> > > > Hello all, I have been making maille for
                > several
                > > years now and
                > > have
                > > > > decided to move up from butted to rivetted. I
                > > have done
                > > research
                > > > > and have learned the tools needed and the
                > > process to be followed
                > > but
                > > > > am unsure about some of the details. Part of
                > > this deals with
                > > > > modifying the tools but that is more about my
                > > skills in
                > > modifying
                > > > > tools versus lack of knowledge. My main
                > problem
                > > is I'm not sure
                > > > > exactly how to go about annealing the rings
                > > prior to flattening
                > > > > them. I am currently trying to anneal my first
                > > batch of
                > > practice
                > > > > rings right now but have serious doubts as to
                > > whether or not my
                > > > > methods will work. I have literally placed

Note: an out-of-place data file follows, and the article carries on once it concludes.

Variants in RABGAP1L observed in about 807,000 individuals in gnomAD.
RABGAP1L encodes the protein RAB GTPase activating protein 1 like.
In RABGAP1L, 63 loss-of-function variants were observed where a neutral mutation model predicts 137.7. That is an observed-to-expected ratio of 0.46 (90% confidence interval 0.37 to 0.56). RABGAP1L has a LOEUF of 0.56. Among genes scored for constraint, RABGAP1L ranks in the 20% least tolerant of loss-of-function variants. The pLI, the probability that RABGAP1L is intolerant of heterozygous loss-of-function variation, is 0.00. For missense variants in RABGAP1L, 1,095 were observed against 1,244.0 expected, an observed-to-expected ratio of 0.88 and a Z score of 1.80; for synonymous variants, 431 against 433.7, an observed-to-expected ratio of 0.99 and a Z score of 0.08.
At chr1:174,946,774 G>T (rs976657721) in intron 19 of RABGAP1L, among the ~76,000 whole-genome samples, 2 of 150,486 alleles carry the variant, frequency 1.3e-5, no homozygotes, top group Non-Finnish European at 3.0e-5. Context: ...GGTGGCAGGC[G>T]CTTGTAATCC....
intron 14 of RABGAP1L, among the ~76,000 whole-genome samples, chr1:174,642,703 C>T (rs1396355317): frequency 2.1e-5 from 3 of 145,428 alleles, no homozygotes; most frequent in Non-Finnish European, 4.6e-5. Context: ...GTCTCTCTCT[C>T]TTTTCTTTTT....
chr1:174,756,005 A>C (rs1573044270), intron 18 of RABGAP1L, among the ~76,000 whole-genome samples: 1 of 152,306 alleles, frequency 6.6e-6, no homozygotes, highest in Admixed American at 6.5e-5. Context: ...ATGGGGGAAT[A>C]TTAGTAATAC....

> > rings on a hanger
                > > into
                > > > > the middle of some charcoal briquettes and lit
                > > the fire. I will
                > > > > leave the rings set till the coals burn out
                > but
                > > will this heat
                > > the
                > > > > rings sufficiantly? Obviously, as the rings
                > are
                > > in the middle
                > > of a
                > > > > small pile of coals (starting small with
                > thirty
                > > or fourty rings)
                > > I
                > > > > cant tell if they are glowing red until I pull
                > > them out of the
                > > fire
                > > > > where they definitely DO NOT appear any where
                > > near red. I know
                > > that
                > > > > in the end, results matter and not opinions
                > but
                > > I would like to
                > > know
                > > > > if this method is workable or if I should try
                > > something else.
                > > > >
                > > > > Ranulf
                > > > >
                > > >
                > >
                > >
                > >
                >
                > __________________________________________________
                >
                === message truncated ===


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              • Bruce Dunkle
                Hi again John, Here s a copy of my invoice from 5/3/2005: Shopping Cart (Prices in British Pounds) REFERENCE DESCRIPTION
                Message 7 of 13 , Jan 4, 2007
                • 0 Attachment
                  Hi again John,



                  Here's a copy of my invoice from 5/3/2005:



                  Shopping Cart (Prices in British Pounds)

                  REFERENCE DESCRIPTION QUANTITY PRICE COST